Reminding Congress of its power

Reminding Congress of its power

Reminding Congress of its power

An immigration attorney says lawmakers only lack the will to address Biden's already infamous border legacy.

According to government data, southern border encounters surpassed 100,000 for the 31st straight month in August and swelled to more than 260,000 in September -- an all-time record.

During this period, the Department of Homeland Security (DHS) released at least 2,148,738 illegal aliens into the country. Only 5,993 encountered migrants placed in removal proceedings before an immigration judge were reportedly removed from the U.S.

If the Biden administration continues to allow this rate of illegal immigration, then a new president will face a gargantuan task when he or she takes over in January 2025. Until then, Art Arthur, a resident fellow in law and policy at the Center for Immigration Studies (CIS), says there are some things that can be done.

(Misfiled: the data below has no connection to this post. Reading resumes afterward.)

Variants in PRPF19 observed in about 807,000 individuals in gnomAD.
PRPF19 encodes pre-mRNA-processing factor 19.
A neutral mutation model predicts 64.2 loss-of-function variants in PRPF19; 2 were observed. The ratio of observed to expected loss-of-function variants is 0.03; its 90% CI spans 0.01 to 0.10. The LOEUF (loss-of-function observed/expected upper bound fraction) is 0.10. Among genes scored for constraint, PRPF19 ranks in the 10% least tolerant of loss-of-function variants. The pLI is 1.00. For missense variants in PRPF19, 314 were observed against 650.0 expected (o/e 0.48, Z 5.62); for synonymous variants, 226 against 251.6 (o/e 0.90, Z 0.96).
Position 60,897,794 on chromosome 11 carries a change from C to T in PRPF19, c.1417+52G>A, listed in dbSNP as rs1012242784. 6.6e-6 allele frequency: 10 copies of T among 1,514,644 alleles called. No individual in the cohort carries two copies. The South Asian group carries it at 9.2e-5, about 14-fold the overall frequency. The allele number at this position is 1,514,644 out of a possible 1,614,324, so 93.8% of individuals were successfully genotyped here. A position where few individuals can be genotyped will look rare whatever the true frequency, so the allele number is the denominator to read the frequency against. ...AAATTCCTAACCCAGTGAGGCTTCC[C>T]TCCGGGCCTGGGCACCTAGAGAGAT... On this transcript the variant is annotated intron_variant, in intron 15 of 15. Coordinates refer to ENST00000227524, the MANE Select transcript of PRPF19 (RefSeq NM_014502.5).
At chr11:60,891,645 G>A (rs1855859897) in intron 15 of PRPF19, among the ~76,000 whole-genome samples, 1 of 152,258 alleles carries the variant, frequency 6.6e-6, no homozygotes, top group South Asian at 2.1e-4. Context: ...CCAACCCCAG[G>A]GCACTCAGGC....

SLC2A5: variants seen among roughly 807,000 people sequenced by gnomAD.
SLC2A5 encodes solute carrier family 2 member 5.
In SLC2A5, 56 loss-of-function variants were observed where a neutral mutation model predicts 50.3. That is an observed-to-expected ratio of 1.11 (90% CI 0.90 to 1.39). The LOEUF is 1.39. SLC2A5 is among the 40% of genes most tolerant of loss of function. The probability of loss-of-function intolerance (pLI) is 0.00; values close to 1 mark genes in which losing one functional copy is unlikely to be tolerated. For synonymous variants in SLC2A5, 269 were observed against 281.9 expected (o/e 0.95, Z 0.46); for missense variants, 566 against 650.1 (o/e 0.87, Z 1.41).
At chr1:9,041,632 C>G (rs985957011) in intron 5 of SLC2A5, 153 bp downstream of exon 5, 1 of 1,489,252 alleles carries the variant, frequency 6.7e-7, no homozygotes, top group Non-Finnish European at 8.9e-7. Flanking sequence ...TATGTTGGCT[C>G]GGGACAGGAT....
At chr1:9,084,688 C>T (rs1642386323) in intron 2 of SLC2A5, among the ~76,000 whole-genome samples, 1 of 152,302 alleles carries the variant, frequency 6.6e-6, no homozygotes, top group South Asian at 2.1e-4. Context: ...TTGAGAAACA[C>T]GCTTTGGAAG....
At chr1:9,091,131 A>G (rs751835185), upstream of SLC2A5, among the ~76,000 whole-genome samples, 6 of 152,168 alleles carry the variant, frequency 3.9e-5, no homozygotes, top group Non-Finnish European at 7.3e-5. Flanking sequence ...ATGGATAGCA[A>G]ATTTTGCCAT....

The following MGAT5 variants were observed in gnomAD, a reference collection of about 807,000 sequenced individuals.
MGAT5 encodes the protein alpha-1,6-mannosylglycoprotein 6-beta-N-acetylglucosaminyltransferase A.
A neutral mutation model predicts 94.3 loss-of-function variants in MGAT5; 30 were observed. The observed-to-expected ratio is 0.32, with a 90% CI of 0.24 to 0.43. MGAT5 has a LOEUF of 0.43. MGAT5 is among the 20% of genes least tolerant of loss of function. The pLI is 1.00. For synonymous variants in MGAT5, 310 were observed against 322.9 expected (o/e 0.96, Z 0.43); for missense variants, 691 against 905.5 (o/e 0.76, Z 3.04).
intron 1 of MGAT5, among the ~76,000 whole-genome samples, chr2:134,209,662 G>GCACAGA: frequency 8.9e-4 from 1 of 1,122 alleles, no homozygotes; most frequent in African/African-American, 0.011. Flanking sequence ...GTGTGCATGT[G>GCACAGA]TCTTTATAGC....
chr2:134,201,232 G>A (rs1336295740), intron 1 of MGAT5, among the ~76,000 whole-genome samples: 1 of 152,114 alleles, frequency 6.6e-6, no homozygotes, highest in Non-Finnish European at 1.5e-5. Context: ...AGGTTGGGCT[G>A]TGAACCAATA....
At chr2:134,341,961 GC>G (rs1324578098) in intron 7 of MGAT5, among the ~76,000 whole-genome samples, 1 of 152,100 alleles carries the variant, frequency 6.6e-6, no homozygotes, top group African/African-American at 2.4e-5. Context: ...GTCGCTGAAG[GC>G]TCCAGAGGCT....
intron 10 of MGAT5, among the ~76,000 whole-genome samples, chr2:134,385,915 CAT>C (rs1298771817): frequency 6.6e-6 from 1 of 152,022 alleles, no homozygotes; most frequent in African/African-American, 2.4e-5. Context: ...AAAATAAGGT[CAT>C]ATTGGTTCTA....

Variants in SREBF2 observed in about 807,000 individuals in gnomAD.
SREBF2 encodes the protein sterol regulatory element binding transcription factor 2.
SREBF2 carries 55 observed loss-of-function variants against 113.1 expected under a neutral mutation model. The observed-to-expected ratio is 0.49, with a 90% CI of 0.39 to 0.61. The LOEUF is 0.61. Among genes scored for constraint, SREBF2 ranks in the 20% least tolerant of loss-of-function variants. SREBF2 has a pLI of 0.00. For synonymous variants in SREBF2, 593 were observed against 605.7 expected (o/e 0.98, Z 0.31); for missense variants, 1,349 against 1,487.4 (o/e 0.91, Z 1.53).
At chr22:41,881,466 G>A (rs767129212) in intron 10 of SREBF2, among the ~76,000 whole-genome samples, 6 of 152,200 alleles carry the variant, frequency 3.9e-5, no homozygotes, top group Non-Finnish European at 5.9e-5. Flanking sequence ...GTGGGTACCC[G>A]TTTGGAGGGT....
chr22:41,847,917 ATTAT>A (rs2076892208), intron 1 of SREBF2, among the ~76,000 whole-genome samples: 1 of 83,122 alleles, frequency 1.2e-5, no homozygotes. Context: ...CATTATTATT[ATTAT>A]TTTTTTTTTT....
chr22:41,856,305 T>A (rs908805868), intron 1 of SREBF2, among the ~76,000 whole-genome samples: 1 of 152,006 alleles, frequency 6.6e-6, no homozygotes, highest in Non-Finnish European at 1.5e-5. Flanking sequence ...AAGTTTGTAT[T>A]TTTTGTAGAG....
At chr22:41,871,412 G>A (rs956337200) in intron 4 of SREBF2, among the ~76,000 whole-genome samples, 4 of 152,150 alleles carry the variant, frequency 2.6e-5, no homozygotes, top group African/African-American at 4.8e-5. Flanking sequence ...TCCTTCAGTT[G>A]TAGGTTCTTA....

Arthur, Andrew (Art) (CIS) Arthur

"One of things that we saw Governor [Ron] DeSantis (R) do in Florida was to require employers to use E-Verify … an online system that … takes about two minutes to verify the employment eligibility of every new hire in the state of Florida," Arthur notes. "If you were to use that program and deny the millions of aliens who are living in the United States illegally the ability to work, they'd go home. They're coming here to work. If they can't work, they're not going to stay."

Former President Trump is also calling for deployment of the U.S. military to the southwest border "and using the Alien Act in order to deport the criminals and the cartel members and other ne'er-do-wells who have come into the United States."

Arthur thinks this open border will be Joe Biden's legacy, "one that we're going to be dealing with for years to come."

"The presidency is powerful," the CIS fellow adds. "Congress is even more powerful. They have the power to address these issues. They just need to have the will."